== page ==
Welcome back to Medical Mondays! Melissa Sarno had some great questions about her current WIP and I thought I'd tackle a few specific questions she had.
"What kinds of effects can prescription drugs of abuse can a person have, and what are the withdrawal symptoms if they go off the drugs?"
The prescription drugs that are commonly abused usually run in three classes.
- Pain medications (opioids, like morphine, Vicodin, Dilaudid, methadone, etc.)
- Sedatives, including sleeping medicines and anxiolytics ("anxiety destroyers") also known as benzodiazepines, such as Valium, Ativan, and Xanax
- Stimulants (amphetamines, such as Ritalin)
- In the US, prescription drug abuse is the fastest growing drug problem (16 million people in the US as of 2009)
- Except for marijuana usage, more people in the US abuse prescription drugs than heroin, inhalants, cocaine, hallucinogens, crystal meth, and ecstasy combined.
- Rapid onset (quicker high)
- Route (to get the best high), so a drug that can be given or changed to intravenous is preferred over inhaled > immediate release > slow release formulas
- Purity (trade names have more street value than generic)
- Pain medications: The mental states can range from euphoria to sleepiness and even coma. Physically, abuser might have a lower breathing rate with shallow breathing, tiny pupils, and a slowed GI rate (constipation and quiet belly sounds)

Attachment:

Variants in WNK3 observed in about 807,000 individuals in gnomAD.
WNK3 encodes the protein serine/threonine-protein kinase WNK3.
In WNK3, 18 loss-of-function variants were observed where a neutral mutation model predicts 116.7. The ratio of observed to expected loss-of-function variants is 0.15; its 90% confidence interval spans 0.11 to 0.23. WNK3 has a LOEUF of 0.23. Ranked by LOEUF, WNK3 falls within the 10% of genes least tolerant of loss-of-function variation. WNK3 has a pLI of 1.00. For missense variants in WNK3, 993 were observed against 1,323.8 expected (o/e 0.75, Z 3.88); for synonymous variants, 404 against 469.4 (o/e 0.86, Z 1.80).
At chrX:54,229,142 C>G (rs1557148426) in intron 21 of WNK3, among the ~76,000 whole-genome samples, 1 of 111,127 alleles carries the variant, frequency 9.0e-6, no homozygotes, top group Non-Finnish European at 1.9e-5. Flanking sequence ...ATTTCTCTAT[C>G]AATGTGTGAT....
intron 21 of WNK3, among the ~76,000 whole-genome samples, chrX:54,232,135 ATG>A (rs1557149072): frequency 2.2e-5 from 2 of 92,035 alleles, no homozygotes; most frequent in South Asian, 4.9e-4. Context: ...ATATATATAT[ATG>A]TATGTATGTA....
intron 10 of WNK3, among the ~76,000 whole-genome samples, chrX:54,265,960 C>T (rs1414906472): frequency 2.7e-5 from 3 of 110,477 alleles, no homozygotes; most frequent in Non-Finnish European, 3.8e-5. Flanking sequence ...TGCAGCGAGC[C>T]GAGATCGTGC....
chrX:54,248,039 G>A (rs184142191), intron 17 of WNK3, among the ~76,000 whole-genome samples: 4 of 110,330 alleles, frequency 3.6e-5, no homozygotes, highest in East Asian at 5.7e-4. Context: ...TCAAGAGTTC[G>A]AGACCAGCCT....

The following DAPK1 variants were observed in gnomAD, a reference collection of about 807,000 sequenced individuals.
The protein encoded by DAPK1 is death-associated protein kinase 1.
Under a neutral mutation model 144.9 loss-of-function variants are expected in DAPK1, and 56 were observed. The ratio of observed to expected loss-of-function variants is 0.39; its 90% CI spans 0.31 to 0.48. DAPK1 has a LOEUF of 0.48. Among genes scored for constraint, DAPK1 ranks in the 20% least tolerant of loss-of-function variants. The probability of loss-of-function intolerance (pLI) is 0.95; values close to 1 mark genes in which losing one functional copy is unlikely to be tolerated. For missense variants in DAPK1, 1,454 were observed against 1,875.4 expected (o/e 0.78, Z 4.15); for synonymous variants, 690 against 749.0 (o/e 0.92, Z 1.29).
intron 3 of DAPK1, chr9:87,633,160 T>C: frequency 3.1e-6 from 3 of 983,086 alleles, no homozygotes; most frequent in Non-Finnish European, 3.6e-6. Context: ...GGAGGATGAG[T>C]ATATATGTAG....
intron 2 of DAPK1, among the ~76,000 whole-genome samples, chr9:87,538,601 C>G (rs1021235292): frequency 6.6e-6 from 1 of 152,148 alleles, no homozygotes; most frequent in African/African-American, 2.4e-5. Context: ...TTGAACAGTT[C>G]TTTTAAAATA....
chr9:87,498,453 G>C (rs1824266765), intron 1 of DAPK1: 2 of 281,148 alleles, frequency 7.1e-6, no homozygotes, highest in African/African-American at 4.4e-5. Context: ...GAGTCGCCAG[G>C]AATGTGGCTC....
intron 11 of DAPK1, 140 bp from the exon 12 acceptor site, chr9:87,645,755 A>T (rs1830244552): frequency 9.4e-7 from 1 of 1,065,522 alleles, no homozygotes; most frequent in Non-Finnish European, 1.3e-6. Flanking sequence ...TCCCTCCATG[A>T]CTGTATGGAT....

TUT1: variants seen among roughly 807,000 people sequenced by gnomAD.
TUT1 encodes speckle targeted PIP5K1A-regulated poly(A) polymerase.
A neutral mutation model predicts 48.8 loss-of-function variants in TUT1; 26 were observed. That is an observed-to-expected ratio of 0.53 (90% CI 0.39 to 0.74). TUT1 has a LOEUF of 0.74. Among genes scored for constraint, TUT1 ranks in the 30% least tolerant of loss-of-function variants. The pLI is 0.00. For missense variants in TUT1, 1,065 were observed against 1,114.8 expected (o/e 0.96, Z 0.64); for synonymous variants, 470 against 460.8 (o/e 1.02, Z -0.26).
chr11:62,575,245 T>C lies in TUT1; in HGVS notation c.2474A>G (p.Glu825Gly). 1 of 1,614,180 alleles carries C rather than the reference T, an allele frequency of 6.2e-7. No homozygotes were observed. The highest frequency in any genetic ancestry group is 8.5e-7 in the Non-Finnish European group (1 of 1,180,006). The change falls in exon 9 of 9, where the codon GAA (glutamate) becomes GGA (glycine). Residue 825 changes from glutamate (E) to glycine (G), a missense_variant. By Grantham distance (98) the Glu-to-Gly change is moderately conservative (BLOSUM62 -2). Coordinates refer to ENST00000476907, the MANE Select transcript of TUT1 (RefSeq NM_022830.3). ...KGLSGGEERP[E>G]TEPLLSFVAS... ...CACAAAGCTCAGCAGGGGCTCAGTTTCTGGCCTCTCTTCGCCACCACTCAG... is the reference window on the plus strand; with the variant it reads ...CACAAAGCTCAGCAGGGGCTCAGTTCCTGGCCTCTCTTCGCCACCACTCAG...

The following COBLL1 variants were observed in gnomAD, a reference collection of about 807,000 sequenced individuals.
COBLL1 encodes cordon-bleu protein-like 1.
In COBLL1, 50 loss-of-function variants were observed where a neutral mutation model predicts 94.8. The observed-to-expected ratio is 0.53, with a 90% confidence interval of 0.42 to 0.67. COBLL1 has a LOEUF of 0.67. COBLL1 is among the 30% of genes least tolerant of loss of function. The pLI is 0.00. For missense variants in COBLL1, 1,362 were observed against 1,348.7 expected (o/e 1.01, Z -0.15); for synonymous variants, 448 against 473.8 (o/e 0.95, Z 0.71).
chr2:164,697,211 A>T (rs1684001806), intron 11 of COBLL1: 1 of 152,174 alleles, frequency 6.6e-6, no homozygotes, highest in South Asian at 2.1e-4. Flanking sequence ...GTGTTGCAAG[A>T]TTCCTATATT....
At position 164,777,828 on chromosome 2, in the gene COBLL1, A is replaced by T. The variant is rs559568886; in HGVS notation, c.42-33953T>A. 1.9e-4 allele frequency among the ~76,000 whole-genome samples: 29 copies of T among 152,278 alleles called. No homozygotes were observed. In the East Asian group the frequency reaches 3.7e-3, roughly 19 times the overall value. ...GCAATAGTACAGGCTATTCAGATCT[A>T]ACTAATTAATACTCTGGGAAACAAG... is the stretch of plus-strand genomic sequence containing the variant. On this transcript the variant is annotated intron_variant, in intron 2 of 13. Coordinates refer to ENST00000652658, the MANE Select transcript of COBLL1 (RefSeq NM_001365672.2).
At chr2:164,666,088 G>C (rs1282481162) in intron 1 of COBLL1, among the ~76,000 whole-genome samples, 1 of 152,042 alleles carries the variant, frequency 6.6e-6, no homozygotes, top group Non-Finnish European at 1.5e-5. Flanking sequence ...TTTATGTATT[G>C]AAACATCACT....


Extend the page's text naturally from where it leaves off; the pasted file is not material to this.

- Sedatives (benzos and barbiturates): Slurred speech, incoordination, wobbly gait, stupor and coma. Their mood may be all over the place and they might be socially inappropriate. Physically, their irises might be twitchy.
- Stimulants: Euphoria, increased energy and exuberant mood, decreased appetite, and sometimes hallucinations. Severe intoxication can cause agitation, violent behavior, elevated heart rate, blood pressure, and breathing rates, elevated body temperature, and sometimes heart attack and cardiovascular collapse.
- Pain medications: Classic opioid withdrawal includes terrible, downed mood, restlessness, runny nose and tearing, body pain, nausea, vomiting, and diarrhea.
- Sedatives: tremors, anxiety, hallucinations, psychosis and seizures.
- Stimulants: fatigue, depression, inability to find joy in anything, increased sleep or insomnia, vivid dreams, drug cravings, and increased appetite.